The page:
The following morning we headed southwest toward Kinsale, but we stopped along the way to visit
Rock of Castle
the town of Cashel and the renowned Rock of Cashel.  We could see the well-known landmark from quite a distance on our approach.  This site first gained its importance as a fortress in the 5th century AD.  Sometime between 1230 and 1270 a cathedral was added, and through the centuries other additions were completed.  Free guided tours are included with the entry fee, and our guide was informative and entertaining.  The mural in Cormac's Chapel is a rarity since most paintings in Irish medieval churches have not survived and this mural certainly reflects its age.  After the tour, we walked around town and found two other buildings of historical significance.  Hore Abbey, built in 1270, was located next to the Rock.  The other structure was located in town.  St. Dominic's Friary was originally built in 1243 and then rebuilt in 1480 after it was destroyed in a fire.

Kinsale Harbor
Next, we drove to Kinsale considered the "Gourmet Capital of Ireland."  The town celebrates with an annual Gourmet Festival in October.  With many top-notch restaurants in town it wasn't difficult to find a great lunch spot, and decided on The Blue Haven following a recommendation from a local.  It  was so good that we returned for dinner since they also offered traditional music in the evening.  The seaside town is also know for two forts.  James' Fort located on the peninsula across from the town harbor was completed in 1607.  The star-shaped Charles Fort completed in 1682 is located at the waters edge on the other side of the harbor.  Both forts are open for viewing by the public.

Departing the following morning, we were headed to Dingle along the dramatic western coast of Ireland.
Formal dining room in the Castle
View of gardens from Kilkenny Castle
At Rock of Cashel  
View of Kilkenny from the Castle

Looking back at Kilkenny Castle from town
View down to Hore Abbey from the cemetary at Rock of Cashel
St. Dominics Friary - 1480
Mural in Cormacs Chapel
Hore Abbey - 1270 
Streets of Cashel
Charles Fort
St. Canice Cathedral

County Wexford, Ireland

Johnstown Castle
Departing Dublin, we headed two hours south of the city to Wexford.  The problem with Ireland is that there is so much to see it is difficult to narrow down the choices.  There are literally hundreds of castles in the countryside and guarding the rocky coast.  Abbeys, monasteries and archeological sites are too numerous to count.  Many of the properties are in ruins, but a large number of them have been renovated and provide an interesting peek back in time.  And then there are the places that we wanted to visit simply because they are gorgeous, like the southwest coast.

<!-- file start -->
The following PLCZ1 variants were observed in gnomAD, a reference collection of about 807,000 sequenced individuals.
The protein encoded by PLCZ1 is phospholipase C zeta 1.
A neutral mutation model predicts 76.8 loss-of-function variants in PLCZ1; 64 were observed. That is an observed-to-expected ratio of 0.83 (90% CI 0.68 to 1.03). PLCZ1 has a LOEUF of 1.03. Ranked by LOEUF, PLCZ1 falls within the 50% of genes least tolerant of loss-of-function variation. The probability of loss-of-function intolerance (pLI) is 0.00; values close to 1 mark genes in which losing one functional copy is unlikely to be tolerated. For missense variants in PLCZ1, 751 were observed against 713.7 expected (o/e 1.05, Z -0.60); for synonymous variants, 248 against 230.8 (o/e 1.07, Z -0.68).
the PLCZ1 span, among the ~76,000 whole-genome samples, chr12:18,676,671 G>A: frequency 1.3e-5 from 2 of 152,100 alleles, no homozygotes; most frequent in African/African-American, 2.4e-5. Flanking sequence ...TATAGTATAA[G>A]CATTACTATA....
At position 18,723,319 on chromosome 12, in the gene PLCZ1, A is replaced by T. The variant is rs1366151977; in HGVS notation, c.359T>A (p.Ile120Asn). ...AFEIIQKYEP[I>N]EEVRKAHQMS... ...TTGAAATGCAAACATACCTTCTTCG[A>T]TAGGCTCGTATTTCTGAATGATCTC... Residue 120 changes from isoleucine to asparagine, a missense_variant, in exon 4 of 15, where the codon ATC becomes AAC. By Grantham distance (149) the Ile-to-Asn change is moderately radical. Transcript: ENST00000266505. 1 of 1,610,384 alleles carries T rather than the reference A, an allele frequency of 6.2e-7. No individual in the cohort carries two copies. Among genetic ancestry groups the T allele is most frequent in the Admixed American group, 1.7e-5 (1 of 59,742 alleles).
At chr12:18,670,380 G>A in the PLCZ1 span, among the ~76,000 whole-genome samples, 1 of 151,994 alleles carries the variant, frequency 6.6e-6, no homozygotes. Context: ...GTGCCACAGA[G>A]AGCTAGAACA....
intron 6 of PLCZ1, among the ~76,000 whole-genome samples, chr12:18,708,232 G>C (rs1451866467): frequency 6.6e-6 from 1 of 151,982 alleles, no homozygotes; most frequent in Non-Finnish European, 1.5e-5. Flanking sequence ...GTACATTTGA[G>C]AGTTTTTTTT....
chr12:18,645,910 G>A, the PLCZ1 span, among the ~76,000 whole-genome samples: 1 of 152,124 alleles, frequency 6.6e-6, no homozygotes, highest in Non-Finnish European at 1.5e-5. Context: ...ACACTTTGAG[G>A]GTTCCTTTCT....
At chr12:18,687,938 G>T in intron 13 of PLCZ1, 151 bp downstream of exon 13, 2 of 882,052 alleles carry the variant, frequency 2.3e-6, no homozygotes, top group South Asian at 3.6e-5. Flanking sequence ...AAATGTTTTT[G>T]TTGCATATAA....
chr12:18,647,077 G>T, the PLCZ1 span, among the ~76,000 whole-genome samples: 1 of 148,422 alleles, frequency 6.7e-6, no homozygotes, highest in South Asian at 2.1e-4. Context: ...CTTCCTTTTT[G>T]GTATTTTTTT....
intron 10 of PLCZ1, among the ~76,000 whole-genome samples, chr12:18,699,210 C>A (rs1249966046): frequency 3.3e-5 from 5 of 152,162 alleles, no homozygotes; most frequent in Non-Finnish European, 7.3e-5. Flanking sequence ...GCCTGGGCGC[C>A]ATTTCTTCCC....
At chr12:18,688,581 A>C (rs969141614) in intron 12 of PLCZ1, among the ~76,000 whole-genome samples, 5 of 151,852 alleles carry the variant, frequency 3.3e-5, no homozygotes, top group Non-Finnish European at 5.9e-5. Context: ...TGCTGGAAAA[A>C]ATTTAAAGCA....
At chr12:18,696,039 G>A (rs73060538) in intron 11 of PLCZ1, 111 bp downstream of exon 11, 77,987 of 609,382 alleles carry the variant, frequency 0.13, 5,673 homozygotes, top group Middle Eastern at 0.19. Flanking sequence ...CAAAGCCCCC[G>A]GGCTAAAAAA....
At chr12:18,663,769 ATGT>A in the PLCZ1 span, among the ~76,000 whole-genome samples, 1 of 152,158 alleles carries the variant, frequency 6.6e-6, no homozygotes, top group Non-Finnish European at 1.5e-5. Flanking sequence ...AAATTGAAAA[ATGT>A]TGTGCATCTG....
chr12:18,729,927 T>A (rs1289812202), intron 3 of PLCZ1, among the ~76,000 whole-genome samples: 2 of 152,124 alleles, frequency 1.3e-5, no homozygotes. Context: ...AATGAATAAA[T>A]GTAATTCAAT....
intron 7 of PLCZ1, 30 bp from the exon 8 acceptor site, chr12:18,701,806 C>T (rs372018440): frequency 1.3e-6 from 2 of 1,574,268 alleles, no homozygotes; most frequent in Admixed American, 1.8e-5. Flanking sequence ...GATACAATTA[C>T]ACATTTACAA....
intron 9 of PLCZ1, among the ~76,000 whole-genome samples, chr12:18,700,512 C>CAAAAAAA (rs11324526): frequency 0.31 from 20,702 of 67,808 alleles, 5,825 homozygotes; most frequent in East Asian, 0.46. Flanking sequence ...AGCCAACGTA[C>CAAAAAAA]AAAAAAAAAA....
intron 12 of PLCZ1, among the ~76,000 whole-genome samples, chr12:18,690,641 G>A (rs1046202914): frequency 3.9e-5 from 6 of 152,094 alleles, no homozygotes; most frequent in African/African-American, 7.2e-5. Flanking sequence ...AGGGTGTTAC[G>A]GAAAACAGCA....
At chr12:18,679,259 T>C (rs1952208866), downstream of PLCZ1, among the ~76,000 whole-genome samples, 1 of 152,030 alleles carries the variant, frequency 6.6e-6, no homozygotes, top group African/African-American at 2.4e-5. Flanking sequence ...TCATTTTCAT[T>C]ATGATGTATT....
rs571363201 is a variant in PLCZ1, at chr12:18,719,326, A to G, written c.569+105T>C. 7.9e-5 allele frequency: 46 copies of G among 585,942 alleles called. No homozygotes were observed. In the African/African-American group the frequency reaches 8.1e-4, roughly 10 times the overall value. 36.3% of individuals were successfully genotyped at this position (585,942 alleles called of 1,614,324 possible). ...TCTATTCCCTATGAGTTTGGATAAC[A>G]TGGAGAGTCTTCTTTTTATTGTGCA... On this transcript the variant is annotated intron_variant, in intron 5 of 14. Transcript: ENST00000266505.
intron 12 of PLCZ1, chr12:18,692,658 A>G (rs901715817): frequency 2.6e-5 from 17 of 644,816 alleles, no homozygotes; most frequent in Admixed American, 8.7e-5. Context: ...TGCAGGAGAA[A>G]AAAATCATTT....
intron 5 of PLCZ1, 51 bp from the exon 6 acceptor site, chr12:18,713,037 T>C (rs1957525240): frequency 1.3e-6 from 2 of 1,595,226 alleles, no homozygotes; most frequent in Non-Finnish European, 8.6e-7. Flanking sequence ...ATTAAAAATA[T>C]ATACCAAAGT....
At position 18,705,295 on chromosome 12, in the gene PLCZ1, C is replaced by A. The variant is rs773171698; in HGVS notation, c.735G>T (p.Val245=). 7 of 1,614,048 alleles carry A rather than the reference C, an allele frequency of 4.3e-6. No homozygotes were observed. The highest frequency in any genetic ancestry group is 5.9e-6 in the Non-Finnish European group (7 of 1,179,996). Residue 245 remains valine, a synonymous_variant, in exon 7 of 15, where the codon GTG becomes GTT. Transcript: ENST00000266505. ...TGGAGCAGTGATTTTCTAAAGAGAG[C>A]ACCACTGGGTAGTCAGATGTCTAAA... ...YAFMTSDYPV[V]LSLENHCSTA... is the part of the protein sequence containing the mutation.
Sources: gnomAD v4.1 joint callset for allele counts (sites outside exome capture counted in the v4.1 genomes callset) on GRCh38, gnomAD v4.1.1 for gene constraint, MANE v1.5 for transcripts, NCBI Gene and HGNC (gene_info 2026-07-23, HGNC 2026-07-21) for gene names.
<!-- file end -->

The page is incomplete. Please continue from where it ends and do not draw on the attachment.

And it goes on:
With a visit to the Wexford Tourist Office, we departed with numerous pamphlets, so we could plot the remainder of our Irish visit.  Our rough itinerary is typically determined prior to leaving home, but with Ireland we had an arrival and departure date and a hotel in Dublin. The pamphlets led us to our first stop.  Located on the outskirts of Wexford, we visited the Johnstown Castle Gardens and Irish Agricultural Museum, on the same grounds.  The castle is not open for viewing at this time but is surrounded by beautifully maintained gardens.  The Museum covers all aspects of rural life in Ireland but also has an extensive and sad commentary on the Irish potato famine.  We were surprised to learn that oat and barley crops continued to be produced throughout the famine years, but these 'cash crops', which came from fields held by large landowners, were exported even as people starved.  No well-organized social welfare systems existed.  Official attempts to provide relief were short lived and inadequate.  Private charities and religious groups (especially the Quakers) provided food and money, but were unable to meet the tremendous needs.

The night was spent in Rosslare Harbor, a ferry town, and home of "The Last Pub in Ireland."  Traditional Irish music at the pub was scheduled to start at 11 PM, but we wanted to get an early start the next day, so passed on that.  After a hearty breakfast, we headed to Hook Lighthouse.  This is the oldest operating lighthouse in the world, and has been guiding ships for almost 800 years.  Monks at a nearby monastery maintained the light until 1671, when the first lighthouse keeper was brought to the site.  During our visit, gusts of 40+ mph and chilly temperatures made walking around the grounds difficult.  It was easy to reflect on how difficult it would have been for the light keepers of the past to deal with this challenging environment.
Slade Castle (late 15th century) near Hook Lighthouse

On the drive to Hook Lighthouse
Dunbrody Abbey in Wexford County built in 13th century 

Dublin, Ireland. (County Dublin)

Jeanie Johnston Tall Ship replica